Apparently, its history in the U.S. all begins in Colonial American days, when the first colleges were formed. The time period is coined the Colonial Colleges period and refers to the time before the American Revolution in which nine college institutions were formed. They include the present day Harvard University, The College of William and Mary, Yale University, University of Pennsylvania, Princeton University, Columbia University, Brown University, Rutgers, and Dartmouth College. Students of most colonial colleges were required to wear the “college habit” at most times – a practice that lasted until the eve of the American Civil War in many institutions of higher learning. The academic attire was highly influenced by European practices and styles.

After the civil war, academic regalia was generally worn at ceremonies or when representing the institution. There was not, however, any standardization among the meanings behind the various costumes. In 1893, an Intercollegiate Commission made up of representatives from leading institutions was created, to establish an acceptable system of academic dress. The Commission met at Columbia University in 1895 and adopted a code of academic regalia, which prescribed the cut and style and materials of the gowns, as well as determined the colors which were to represent the different fields of learning.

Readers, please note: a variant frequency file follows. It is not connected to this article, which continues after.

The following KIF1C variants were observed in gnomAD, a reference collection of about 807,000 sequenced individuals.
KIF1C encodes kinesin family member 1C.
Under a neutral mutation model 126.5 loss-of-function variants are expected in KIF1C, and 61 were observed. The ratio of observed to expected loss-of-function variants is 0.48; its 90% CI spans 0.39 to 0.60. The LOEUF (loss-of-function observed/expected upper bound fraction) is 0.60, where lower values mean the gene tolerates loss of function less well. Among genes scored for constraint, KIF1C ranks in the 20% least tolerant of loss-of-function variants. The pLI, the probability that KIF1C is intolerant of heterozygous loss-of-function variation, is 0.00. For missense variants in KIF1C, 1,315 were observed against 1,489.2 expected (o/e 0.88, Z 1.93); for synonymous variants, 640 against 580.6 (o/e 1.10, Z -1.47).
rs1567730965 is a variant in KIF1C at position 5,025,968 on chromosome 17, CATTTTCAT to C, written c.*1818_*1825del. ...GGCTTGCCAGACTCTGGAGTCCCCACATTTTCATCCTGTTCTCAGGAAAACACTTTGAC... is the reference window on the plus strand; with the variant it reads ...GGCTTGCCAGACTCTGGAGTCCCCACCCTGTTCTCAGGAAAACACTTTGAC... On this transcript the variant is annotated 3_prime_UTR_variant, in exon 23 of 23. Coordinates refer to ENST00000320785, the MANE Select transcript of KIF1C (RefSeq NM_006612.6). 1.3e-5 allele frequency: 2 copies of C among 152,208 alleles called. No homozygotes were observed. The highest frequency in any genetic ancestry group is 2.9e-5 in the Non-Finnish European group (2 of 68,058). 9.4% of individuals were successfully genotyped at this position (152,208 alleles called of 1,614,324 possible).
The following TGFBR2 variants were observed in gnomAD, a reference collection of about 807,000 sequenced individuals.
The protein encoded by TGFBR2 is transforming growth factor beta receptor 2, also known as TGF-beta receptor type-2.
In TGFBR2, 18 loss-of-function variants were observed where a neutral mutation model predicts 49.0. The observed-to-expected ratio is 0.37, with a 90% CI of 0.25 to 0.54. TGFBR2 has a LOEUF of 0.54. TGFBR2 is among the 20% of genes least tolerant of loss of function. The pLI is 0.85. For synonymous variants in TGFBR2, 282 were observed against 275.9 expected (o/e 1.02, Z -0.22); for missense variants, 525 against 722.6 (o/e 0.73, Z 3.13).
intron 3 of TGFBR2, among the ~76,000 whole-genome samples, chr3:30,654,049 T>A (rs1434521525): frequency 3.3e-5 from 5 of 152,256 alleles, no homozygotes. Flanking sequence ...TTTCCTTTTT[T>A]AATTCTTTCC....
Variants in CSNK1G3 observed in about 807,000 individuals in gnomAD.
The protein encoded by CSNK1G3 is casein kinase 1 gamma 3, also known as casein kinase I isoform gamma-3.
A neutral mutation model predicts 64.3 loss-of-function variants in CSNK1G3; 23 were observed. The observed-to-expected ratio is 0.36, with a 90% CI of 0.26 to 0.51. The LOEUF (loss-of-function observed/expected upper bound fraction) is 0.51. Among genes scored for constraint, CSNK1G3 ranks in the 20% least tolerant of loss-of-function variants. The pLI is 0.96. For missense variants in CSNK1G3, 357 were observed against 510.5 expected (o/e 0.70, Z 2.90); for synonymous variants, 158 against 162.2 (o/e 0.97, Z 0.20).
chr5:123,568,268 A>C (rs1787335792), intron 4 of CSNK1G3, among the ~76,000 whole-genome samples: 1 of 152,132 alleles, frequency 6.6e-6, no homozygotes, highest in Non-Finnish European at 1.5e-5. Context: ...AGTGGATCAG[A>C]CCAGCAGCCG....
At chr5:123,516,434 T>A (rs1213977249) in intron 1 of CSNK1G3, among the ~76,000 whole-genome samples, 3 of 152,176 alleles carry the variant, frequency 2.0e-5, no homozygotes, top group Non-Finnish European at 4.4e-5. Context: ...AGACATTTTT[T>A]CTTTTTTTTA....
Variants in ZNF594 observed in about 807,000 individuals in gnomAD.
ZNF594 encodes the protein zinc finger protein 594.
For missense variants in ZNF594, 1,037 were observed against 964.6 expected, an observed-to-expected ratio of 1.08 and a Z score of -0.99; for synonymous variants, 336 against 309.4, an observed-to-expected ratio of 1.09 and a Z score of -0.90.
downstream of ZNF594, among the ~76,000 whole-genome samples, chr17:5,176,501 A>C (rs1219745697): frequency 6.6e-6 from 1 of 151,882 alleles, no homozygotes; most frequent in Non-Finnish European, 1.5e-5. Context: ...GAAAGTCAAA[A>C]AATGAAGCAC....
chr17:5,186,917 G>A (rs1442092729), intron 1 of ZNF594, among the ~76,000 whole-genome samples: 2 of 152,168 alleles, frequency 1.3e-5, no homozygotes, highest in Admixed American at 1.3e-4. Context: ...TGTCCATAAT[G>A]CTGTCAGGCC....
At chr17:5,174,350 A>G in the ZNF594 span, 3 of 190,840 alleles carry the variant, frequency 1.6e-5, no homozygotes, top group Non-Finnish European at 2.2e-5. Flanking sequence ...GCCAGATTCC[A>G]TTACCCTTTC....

Random Fact: The color of purple, as seen in the NYU gowns, is actually the color code for the Law discipline. Interesting…

Now, of course, academic attire is rarely worn outside of commencement ceremonies, and that’s what makes us so balla on that special day! Happy graduation to all my NYU Class of 2009 peeps!!! Can’t wait to look awesome in academic regalia with you on May 13th at Yankee Stadium! WHAT?!!??!! Oh, yeah! That’s how we roll. CHEERS!


2 thoughts on “Why do we still wear academic regalia?

  1. Hi,